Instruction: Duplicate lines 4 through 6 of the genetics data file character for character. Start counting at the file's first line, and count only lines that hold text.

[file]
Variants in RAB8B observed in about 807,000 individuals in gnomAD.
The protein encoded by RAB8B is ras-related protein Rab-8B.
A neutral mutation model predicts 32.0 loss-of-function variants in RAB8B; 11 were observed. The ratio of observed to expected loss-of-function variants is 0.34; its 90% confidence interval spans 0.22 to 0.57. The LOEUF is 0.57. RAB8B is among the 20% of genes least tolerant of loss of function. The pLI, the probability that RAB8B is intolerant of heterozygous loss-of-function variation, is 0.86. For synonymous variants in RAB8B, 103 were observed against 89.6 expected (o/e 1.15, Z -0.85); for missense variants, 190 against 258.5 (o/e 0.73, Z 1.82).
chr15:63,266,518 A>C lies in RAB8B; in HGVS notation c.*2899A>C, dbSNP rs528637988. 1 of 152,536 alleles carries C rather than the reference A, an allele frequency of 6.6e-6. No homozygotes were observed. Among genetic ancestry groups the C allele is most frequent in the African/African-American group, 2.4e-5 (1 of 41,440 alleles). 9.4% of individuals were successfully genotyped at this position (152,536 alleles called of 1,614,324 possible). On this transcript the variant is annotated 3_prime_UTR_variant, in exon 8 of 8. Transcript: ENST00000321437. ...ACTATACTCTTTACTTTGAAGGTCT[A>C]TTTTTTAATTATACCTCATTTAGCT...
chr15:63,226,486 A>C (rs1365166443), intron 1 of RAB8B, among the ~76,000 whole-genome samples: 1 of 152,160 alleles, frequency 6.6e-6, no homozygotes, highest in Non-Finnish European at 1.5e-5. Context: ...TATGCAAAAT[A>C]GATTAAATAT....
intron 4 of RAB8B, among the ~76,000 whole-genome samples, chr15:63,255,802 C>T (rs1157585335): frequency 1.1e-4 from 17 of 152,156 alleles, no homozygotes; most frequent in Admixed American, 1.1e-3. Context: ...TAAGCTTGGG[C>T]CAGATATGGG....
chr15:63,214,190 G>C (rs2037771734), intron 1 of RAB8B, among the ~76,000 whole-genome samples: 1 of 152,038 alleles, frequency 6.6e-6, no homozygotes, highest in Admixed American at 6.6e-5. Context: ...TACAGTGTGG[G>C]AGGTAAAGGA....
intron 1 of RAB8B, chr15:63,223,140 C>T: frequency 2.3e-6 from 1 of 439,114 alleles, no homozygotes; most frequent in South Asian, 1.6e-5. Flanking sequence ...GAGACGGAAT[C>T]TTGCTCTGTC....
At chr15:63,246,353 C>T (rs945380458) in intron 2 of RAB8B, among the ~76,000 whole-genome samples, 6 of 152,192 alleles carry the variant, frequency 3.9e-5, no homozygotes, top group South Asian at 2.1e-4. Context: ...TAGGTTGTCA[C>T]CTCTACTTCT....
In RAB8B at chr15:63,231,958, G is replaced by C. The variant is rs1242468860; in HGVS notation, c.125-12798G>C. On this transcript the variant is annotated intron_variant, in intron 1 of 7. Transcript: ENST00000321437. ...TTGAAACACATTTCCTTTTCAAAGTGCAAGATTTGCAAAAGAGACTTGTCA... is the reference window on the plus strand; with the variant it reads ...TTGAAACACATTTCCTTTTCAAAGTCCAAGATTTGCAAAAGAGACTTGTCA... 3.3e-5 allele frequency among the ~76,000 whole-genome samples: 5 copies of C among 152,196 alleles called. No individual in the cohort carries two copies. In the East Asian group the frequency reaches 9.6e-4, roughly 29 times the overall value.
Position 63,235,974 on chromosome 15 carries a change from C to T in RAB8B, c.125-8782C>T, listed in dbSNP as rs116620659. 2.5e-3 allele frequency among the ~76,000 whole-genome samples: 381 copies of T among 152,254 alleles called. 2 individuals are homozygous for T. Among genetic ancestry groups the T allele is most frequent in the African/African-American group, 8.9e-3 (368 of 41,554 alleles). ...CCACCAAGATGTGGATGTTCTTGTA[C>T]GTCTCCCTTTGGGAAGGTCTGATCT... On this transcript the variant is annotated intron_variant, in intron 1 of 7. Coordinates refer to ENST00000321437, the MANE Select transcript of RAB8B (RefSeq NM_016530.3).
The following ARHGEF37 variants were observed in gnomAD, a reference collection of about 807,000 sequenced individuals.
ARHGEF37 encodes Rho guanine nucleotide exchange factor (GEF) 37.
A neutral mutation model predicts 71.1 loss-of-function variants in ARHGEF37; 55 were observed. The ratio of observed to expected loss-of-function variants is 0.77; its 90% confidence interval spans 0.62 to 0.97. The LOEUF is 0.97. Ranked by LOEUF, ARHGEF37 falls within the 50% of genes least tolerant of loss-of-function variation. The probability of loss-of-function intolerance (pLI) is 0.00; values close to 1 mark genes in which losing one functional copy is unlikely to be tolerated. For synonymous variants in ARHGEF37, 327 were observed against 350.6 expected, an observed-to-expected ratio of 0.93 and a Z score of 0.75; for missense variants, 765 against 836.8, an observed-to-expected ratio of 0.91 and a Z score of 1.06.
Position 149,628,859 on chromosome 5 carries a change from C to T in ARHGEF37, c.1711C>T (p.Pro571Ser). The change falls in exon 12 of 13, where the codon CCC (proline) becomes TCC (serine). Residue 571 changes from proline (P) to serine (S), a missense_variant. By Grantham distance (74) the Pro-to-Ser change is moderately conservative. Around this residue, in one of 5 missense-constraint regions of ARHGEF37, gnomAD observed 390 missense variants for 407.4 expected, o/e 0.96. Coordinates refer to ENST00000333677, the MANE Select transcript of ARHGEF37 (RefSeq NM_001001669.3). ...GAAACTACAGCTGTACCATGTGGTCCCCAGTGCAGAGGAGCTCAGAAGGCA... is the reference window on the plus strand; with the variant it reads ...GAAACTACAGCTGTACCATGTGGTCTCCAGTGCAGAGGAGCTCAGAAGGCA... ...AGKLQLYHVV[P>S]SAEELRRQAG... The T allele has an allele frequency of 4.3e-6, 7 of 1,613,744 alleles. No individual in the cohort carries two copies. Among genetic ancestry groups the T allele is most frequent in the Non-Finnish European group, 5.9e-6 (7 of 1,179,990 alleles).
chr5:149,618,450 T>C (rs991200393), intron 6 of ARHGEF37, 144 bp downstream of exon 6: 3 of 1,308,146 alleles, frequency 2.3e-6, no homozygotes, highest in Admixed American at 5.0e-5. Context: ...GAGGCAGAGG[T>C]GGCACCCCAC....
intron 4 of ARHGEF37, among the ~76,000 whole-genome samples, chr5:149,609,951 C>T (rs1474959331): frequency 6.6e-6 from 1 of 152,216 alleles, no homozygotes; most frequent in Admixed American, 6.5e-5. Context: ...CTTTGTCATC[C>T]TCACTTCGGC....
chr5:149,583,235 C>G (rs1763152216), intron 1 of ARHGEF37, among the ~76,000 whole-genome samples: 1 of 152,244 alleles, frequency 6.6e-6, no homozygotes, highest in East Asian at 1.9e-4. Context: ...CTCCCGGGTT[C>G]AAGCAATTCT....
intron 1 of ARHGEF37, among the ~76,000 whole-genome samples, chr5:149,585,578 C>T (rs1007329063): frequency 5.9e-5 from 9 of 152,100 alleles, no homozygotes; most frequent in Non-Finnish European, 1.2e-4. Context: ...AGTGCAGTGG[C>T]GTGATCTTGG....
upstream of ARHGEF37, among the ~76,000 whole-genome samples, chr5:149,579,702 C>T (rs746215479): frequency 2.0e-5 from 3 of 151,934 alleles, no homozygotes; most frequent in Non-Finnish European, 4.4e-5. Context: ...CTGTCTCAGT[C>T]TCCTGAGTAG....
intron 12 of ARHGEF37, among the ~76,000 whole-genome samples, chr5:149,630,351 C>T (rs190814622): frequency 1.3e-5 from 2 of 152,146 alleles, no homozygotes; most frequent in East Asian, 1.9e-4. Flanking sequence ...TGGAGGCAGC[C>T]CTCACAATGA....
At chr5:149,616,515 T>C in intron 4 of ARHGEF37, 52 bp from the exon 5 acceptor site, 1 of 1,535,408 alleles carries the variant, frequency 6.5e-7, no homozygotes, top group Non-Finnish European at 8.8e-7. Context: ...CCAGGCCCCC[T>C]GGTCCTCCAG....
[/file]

chr15:63,266,518 A>C lies in RAB8B; in HGVS notation c.*2899A>C, dbSNP rs528637988. 1 of 152,536 alleles carries C rather than the reference A, an allele frequency of 6.6e-6. No homozygotes were observed. Among genetic ancestry groups the C allele is most frequent in the African/African-American group, 2.4e-5 (1 of 41,440 alleles). 9.4% of individuals were successfully genotyped at this position (152,536 alleles called of 1,614,324 possible). On this transcript the variant is annotated 3_prime_UTR_variant, in exon 8 of 8. Transcript: ENST00000321437. ...ACTATACTCTTTACTTTGAAGGTCT[A>C]TTTTTTAATTATACCTCATTTAGCT...
chr15:63,226,486 A>C (rs1365166443), intron 1 of RAB8B, among the ~76,000 whole-genome samples: 1 of 152,160 alleles, frequency 6.6e-6, no homozygotes, highest in Non-Finnish European at 1.5e-5. Context: ...TATGCAAAAT[A>C]GATTAAATAT....
intron 4 of RAB8B, among the ~76,000 whole-genome samples, chr15:63,255,802 C>T (rs1157585335): frequency 1.1e-4 from 17 of 152,156 alleles, no homozygotes; most frequent in Admixed American, 1.1e-3. Context: ...TAAGCTTGGG[C>T]CAGATATGGG....